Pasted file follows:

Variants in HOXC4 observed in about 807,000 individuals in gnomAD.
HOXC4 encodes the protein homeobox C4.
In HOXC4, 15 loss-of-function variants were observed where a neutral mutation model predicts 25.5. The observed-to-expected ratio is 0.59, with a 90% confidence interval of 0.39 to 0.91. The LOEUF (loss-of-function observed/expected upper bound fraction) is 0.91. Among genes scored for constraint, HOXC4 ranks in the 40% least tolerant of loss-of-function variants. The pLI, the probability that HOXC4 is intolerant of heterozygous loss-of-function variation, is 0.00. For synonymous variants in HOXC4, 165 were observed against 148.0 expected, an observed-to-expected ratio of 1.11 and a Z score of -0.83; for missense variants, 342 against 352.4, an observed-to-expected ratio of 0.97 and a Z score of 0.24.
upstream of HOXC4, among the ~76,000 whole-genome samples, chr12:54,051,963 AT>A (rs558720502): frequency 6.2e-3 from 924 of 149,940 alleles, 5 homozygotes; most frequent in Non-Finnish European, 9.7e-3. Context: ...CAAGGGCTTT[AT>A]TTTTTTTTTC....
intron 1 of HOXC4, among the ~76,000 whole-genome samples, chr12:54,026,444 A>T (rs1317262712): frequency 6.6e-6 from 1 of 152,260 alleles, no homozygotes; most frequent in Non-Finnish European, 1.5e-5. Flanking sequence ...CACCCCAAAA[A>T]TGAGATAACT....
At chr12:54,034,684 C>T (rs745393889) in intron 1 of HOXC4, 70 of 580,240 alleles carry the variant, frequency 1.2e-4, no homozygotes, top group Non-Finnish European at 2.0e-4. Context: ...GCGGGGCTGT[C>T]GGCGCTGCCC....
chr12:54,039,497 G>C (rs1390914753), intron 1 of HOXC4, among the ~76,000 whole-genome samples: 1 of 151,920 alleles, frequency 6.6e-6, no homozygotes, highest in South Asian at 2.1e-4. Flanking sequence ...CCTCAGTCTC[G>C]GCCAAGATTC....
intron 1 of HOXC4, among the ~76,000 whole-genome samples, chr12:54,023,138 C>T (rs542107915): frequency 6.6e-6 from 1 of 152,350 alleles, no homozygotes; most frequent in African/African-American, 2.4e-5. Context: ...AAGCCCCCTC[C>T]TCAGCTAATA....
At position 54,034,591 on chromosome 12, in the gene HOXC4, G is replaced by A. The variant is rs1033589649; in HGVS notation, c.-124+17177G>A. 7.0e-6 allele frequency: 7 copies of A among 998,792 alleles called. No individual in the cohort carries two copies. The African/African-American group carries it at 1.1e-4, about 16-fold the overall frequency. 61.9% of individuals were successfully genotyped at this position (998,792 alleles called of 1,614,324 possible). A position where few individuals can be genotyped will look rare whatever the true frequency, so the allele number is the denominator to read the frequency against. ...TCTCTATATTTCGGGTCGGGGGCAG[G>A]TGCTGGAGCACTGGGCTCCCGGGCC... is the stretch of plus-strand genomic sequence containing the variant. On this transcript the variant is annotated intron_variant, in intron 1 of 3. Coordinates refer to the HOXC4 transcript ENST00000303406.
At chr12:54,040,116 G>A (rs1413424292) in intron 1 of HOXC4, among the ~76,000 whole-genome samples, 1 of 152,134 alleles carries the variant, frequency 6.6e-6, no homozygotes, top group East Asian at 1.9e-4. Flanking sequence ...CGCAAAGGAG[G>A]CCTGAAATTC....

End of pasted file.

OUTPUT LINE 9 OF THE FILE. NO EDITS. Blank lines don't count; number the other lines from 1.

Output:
At position 54,034,591 on chromosome 12, in the gene HOXC4, G is replaced by A. The variant is rs1033589649; in HGVS notation, c.-124+17177G>A. 7.0e-6 allele frequency: 7 copies of A among 998,792 alleles called. No individual in the cohort carries two copies. The African/African-American group carries it at 1.1e-4, about 16-fold the overall frequency. 61.9% of individuals were successfully genotyped at this position (998,792 alleles called of 1,614,324 possible). A position where few individuals can be genotyped will look rare whatever the true frequency, so the allele number is the denominator to read the frequency against. ...TCTCTATATTTCGGGTCGGGGGCAG[G>A]TGCTGGAGCACTGGGCTCCCGGGCC... is the stretch of plus-strand genomic sequence containing the variant. On this transcript the variant is annotated intron_variant, in intron 1 of 3. Coordinates refer to the HOXC4 transcript ENST00000303406.